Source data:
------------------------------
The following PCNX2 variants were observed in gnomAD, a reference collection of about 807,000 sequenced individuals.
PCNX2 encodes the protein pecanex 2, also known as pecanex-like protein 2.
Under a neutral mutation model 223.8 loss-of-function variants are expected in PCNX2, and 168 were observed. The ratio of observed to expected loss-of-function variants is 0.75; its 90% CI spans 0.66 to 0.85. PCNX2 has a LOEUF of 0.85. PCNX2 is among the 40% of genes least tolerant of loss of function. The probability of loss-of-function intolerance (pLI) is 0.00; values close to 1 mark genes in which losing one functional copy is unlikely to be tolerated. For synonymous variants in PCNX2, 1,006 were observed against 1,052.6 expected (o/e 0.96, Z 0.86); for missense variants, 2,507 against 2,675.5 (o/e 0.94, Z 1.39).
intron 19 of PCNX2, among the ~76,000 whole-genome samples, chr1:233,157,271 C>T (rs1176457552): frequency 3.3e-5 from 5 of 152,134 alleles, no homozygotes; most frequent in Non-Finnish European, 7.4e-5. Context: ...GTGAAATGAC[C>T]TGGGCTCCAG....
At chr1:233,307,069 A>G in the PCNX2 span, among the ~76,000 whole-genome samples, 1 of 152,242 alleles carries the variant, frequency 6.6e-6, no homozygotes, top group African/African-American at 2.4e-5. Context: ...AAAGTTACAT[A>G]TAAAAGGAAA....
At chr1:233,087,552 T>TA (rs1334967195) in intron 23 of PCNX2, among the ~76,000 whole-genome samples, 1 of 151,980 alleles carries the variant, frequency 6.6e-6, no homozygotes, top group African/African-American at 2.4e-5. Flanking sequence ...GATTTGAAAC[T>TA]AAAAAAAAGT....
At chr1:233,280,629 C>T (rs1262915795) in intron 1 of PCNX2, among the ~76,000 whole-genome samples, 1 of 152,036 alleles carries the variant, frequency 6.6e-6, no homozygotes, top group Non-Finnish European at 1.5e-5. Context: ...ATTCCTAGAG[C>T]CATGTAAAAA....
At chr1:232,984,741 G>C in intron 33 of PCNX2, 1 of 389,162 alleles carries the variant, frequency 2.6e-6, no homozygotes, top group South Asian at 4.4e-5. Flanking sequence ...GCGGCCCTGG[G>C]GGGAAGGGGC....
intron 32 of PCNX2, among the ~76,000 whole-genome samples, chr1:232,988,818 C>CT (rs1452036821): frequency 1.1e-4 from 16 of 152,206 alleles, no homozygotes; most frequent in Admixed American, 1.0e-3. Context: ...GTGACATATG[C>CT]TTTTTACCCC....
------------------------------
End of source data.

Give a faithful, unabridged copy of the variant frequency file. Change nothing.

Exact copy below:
The following PCNX2 variants were observed in gnomAD, a reference collection of about 807,000 sequenced individuals.
PCNX2 encodes the protein pecanex 2, also known as pecanex-like protein 2.
Under a neutral mutation model 223.8 loss-of-function variants are expected in PCNX2, and 168 were observed. The ratio of observed to expected loss-of-function variants is 0.75; its 90% CI spans 0.66 to 0.85. PCNX2 has a LOEUF of 0.85. PCNX2 is among the 40% of genes least tolerant of loss of function. The probability of loss-of-function intolerance (pLI) is 0.00; values close to 1 mark genes in which losing one functional copy is unlikely to be tolerated. For synonymous variants in PCNX2, 1,006 were observed against 1,052.6 expected (o/e 0.96, Z 0.86); for missense variants, 2,507 against 2,675.5 (o/e 0.94, Z 1.39).
intron 19 of PCNX2, among the ~76,000 whole-genome samples, chr1:233,157,271 C>T (rs1176457552): frequency 3.3e-5 from 5 of 152,134 alleles, no homozygotes; most frequent in Non-Finnish European, 7.4e-5. Context: ...GTGAAATGAC[C>T]TGGGCTCCAG....
At chr1:233,307,069 A>G in the PCNX2 span, among the ~76,000 whole-genome samples, 1 of 152,242 alleles carries the variant, frequency 6.6e-6, no homozygotes, top group African/African-American at 2.4e-5. Context: ...AAAGTTACAT[A>G]TAAAAGGAAA....
At chr1:233,087,552 T>TA (rs1334967195) in intron 23 of PCNX2, among the ~76,000 whole-genome samples, 1 of 151,980 alleles carries the variant, frequency 6.6e-6, no homozygotes, top group African/African-American at 2.4e-5. Flanking sequence ...GATTTGAAAC[T>TA]AAAAAAAAGT....
At chr1:233,280,629 C>T (rs1262915795) in intron 1 of PCNX2, among the ~76,000 whole-genome samples, 1 of 152,036 alleles carries the variant, frequency 6.6e-6, no homozygotes, top group Non-Finnish European at 1.5e-5. Context: ...ATTCCTAGAG[C>T]CATGTAAAAA....
At chr1:232,984,741 G>C in intron 33 of PCNX2, 1 of 389,162 alleles carries the variant, frequency 2.6e-6, no homozygotes, top group South Asian at 4.4e-5. Flanking sequence ...GCGGCCCTGG[G>C]GGGAAGGGGC....
intron 32 of PCNX2, among the ~76,000 whole-genome samples, chr1:232,988,818 C>CT (rs1452036821): frequency 1.1e-4 from 16 of 152,206 alleles, no homozygotes; most frequent in Admixed American, 1.0e-3. Context: ...GTGACATATG[C>CT]TTTTTACCCC....